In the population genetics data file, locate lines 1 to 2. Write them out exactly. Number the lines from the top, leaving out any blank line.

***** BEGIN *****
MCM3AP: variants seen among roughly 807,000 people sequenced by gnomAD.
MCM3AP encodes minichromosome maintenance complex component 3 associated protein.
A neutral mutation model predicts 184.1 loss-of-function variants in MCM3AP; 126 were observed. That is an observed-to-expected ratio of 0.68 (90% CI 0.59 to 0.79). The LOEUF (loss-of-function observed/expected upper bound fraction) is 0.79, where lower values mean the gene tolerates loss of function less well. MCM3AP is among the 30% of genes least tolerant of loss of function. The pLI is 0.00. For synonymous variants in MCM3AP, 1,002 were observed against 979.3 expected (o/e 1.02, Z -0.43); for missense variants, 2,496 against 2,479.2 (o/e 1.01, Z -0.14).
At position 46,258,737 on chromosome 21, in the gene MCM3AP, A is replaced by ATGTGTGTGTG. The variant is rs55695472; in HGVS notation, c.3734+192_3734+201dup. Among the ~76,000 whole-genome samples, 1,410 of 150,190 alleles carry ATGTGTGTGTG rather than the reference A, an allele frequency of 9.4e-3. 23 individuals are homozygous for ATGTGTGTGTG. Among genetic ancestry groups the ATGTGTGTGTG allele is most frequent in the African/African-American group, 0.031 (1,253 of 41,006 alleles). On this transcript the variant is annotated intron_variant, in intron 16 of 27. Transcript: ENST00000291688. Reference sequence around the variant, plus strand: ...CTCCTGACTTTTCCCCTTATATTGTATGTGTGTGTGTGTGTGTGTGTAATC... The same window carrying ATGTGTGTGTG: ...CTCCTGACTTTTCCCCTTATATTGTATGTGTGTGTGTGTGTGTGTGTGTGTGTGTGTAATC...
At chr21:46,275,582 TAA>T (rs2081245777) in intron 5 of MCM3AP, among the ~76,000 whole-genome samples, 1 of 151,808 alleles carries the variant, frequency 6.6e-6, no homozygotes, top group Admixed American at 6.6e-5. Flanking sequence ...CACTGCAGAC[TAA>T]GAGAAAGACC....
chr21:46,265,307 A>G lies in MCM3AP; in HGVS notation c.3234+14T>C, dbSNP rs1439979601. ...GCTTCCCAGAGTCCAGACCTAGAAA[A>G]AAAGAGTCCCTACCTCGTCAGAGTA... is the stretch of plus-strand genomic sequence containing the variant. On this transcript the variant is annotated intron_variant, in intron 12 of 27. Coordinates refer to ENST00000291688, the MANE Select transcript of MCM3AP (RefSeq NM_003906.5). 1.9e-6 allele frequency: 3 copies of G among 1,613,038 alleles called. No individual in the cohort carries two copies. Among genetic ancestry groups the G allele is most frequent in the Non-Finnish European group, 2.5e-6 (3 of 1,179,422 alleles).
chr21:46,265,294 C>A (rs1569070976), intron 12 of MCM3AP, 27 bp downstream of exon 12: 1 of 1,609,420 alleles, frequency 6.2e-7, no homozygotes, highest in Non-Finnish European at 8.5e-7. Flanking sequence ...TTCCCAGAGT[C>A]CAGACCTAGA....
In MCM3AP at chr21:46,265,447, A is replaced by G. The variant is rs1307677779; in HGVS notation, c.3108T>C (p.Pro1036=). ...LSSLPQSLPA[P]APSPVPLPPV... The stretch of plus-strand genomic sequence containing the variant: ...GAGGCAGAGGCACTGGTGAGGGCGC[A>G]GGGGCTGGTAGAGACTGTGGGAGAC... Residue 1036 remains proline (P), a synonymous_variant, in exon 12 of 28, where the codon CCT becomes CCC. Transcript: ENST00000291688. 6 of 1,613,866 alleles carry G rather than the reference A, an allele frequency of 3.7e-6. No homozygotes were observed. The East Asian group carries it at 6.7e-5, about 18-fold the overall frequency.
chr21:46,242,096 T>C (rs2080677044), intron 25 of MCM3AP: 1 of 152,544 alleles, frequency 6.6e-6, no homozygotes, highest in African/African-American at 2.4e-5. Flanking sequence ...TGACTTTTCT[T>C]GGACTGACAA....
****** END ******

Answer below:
MCM3AP: variants seen among roughly 807,000 people sequenced by gnomAD.
MCM3AP encodes minichromosome maintenance complex component 3 associated protein.